ATLANTA -- Two Uptons and one Kimbrel returned to Atlanta on Monday. These all turned out to be happy returns.
Justin Upton, Melvin Upton Jr. and Craig Kimbrel were Braves, but are now employees of the San Diego Padres thanks to a pair of trades. They all figured prominently in a 5-3, 11-inning victory over Atlanta at Turner Field in the first game of a four-game series.
Upton had no hits, but he did have an RBI groundout. His biggest contribution came in the 11th when he led off with a walk, stole second and scored what turned out to be the game-winning run on a double by Matt Kemp.
Kimbrel, the National League's leading closer over his four-plus seasons with the Braves, recorded his 200th save, becoming the youngest pitcher to reach that mark. He retired three straight (with two groundouts and a strikeout) in the bottom of the 11th to preserve the victory.
Upton Jr., known as B.J. Upton during his time in Georgia, had been an integral part of some highly successful Tampa Bay Rays teams. But he struggled mightily with the Braves, hitting .198/.279/.314 over the past two seasons.
Upton Jr. was coming off the disabled list, and Padres manager Bud Black wisely decided that Upton Jr. shouldn't start out his season by facing Shelby Miller, the de facto ace of Atlanta's staff. When Upton Jr. entered the game as a pinch-runner in the ninth inning, he was persistently and loudly booed by the Turner Field audience of 21,458.
But Upton Jr. won this round. A throwing error on Braves closer Jason Grilli on an attempted pickoff allowed him to move from second to third. Upton Jr. subsequently scored on a sacrifice fly. The crowd booed again, but Upton Jr.'s run tied the game, 3-3.
When Justin Upton came to the plate in the first inning, the Turner Field crowd gave him a pleasant, respectful reception. Upton, in his two years here, hit 56 home runs, and last season drove in a career-high 102 runs.
One way or the other, the three ex-Braves, in their first trip back to Atlanta as Padres, had all made major contributions to a very nice San Diego victory.
"I know this," Black said. "When you change teams, there's a little different feeling that first time back when you're facing your ex-teammates. Not that you're out to prove anybody wrong or anything like that. But it's a weird, different feeling. And you want to play well."
The fans who remained in the 11th inning cheered for Kimbrel upon his entrance, even though he was about to lock down a Braves defeat.
"The fans were nice, they cheered for me," Kimbrel said with a smile. "There were a lot of fans coming down to the bullpen saying they were happy for me. The fans were great. It was a little quiet out there; playing extra-inning games, a lot of people have school or work tomorrow."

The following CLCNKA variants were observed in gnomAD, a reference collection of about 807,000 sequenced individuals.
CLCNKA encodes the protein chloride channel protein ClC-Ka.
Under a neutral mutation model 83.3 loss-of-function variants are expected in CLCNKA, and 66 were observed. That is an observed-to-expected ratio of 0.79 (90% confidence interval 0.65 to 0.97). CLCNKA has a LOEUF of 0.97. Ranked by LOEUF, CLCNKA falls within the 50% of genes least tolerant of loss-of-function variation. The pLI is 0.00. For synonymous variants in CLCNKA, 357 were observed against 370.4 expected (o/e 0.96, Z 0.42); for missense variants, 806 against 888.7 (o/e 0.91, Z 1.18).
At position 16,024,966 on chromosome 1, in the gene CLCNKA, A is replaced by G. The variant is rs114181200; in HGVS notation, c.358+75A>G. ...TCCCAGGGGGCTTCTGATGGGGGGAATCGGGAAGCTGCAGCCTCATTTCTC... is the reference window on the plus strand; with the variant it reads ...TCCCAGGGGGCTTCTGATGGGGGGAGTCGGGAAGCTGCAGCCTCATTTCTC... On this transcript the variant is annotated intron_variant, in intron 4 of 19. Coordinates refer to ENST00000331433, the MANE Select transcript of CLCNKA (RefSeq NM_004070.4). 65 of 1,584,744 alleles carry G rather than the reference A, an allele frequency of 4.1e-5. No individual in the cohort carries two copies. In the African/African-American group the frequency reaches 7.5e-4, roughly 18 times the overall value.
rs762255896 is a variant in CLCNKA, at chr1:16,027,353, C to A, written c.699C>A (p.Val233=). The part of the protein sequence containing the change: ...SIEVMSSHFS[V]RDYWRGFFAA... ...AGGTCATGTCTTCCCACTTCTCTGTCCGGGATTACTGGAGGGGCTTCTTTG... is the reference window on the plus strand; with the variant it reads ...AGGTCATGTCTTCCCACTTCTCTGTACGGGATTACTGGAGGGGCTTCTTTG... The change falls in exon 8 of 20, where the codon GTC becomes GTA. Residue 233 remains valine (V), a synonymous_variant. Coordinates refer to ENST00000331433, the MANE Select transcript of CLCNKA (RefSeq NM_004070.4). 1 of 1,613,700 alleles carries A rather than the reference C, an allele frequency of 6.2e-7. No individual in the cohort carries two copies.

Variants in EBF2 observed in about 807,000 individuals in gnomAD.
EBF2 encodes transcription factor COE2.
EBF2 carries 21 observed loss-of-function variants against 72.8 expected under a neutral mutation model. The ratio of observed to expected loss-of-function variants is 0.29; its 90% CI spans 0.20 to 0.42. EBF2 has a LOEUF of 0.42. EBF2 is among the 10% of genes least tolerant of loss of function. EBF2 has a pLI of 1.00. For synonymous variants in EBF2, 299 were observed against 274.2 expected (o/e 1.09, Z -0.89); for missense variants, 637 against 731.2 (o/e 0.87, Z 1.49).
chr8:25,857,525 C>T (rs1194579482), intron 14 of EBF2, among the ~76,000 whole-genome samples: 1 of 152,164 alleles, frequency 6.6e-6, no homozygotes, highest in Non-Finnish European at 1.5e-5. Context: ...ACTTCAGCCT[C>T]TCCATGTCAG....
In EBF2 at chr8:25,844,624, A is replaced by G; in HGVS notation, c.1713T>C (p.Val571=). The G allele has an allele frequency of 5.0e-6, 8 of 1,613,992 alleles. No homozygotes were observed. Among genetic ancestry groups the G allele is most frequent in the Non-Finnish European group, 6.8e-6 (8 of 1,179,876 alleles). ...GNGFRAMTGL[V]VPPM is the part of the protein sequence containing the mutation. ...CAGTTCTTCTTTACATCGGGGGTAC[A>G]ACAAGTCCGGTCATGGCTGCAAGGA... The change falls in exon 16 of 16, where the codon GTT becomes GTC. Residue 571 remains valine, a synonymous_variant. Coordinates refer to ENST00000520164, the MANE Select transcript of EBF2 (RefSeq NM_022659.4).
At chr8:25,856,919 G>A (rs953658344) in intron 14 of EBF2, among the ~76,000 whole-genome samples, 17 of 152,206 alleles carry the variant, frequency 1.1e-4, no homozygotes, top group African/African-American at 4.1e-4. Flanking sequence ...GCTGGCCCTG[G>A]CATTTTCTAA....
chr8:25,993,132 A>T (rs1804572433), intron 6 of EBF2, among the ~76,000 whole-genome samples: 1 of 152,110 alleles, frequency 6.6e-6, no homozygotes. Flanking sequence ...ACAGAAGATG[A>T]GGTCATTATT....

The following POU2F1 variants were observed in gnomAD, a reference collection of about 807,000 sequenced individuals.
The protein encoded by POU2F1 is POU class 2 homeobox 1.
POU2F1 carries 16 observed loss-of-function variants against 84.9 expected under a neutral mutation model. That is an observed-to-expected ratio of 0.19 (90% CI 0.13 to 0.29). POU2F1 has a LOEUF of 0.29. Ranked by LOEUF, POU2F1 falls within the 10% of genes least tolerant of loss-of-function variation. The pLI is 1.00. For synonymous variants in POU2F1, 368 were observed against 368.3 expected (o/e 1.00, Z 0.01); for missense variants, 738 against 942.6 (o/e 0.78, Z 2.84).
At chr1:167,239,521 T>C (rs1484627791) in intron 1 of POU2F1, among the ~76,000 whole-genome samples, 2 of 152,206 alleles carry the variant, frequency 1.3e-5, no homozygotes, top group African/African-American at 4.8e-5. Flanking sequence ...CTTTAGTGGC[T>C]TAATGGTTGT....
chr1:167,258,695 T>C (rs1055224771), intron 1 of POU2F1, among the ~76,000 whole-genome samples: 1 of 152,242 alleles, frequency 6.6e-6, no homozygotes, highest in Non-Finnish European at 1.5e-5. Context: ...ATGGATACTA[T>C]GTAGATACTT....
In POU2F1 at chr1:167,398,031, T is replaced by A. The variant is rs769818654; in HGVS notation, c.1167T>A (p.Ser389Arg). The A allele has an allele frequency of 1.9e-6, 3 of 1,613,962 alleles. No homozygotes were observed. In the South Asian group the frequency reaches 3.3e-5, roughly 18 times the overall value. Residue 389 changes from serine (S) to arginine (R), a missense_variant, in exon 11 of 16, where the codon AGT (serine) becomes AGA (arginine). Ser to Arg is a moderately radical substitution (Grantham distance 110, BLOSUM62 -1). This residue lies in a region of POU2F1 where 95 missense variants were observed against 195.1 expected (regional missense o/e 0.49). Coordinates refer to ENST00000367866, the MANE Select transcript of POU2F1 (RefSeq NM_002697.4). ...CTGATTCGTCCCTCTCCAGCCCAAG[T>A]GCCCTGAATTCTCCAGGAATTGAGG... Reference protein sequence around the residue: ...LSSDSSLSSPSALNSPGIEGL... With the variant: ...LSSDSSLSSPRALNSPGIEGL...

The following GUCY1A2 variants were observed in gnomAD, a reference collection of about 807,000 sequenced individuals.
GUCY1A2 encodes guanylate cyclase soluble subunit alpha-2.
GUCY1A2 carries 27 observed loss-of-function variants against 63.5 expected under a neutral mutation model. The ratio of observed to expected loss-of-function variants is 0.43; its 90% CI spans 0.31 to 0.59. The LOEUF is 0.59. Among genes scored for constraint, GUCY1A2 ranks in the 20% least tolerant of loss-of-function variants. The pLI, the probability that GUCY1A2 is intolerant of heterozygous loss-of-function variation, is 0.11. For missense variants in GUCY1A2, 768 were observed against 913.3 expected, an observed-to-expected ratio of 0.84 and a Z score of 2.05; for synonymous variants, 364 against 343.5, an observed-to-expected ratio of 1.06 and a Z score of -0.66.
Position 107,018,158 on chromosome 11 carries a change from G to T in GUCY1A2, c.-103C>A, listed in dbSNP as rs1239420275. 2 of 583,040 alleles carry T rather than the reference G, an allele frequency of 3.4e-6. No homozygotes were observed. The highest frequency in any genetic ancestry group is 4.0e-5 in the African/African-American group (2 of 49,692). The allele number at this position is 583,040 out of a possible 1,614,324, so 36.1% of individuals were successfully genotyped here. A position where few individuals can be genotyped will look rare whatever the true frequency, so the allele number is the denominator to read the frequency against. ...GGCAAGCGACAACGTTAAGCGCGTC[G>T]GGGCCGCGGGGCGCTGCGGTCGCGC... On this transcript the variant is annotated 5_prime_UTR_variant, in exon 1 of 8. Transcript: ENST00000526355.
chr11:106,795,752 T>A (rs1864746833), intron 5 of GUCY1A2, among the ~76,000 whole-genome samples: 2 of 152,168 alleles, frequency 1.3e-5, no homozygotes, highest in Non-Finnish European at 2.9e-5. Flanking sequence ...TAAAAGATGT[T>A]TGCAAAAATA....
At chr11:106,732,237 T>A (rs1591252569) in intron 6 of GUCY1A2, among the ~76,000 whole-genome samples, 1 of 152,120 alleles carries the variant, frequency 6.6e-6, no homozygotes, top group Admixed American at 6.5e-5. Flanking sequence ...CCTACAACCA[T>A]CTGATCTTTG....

Kimbrel ought to be a big favorite in Atlanta. He led the NL in saves in each of the past four seasons, totaling 185 saves in 204 opportunities. Pitching for the Braves, Kimbrel struck out 1.65 batters per inning. This season, he has 14 saves in 15 save opportunities for the Padres.
"I haven't been 100 percent sharp this year, but it hasn't hurt the team," Kimbrel said. "We're still winning games. That's what matters."
And Monday night, Kimbrel was 100 percent sharp.
And for Kimbrel, who grew up in Alabama, this is a true baseball homecoming.
"Atlanta gave me the opportunity to pitch in the big leagues," Kimbrel said. "Every kid dreams of growing up and playing in the Major Leagues, and for me it was here in Atlanta, because I grew up a Braves fan."
Beyond this game, there is going to be considerable speculation about what role Upton Jr. will have with the Padres and how effective he will be.
Upton was asked what his older brother could bring to Padres, and he didn't hesitate, saying: "He can bring some speed, some defensive versatility to our lineup. He can flash some power. It'll be a good addition for us."
Upton Jr. had his outlook brightened on the day before the 2015 regular season opened. That was the day that he and Kimbrel were traded to San Diego. Did Upton Jr. welcome the change of scenery?
"Yeah, definitely," he said. "I got the opportunity to be back with my brother. I got the opportunity to play for a great manager and a coaching staff; you know, they all played, they know what this game's about, they've been through it. I'm looking forward to it."
Upton Jr.'s struggles in Atlanta are in the past. He would like to return to a better past, the one when he was a much better player, for Tampa Bay.
"When you're in it, you try to work your way out of it," Upton Jr. said of his two-season slump. "Unfortunately, I couldn't get back to square one. That's all over with, there's nothing I can do about it now, just try to be the ballplayer that I've been in the past."
"He's had a lot of success in the Majors," Black said. "You look back at some of those numbers that he produced in Tampa. I think at 30 years old, those numbers can still be in there for him.
"I'm still getting to know this fellow, on the mental side, but on the physical side, there's a lot to like. I think he's got a lot of years left. I'm looking forward to watching him play."
On this night, watching the two Uptons and the one Kimbrel come through in the clutch was a very enjoyable experience for the Padres.
Mike Bauman is a columnist for MLB.com. This story was not subject to the approval of Major League Baseball or its clubs.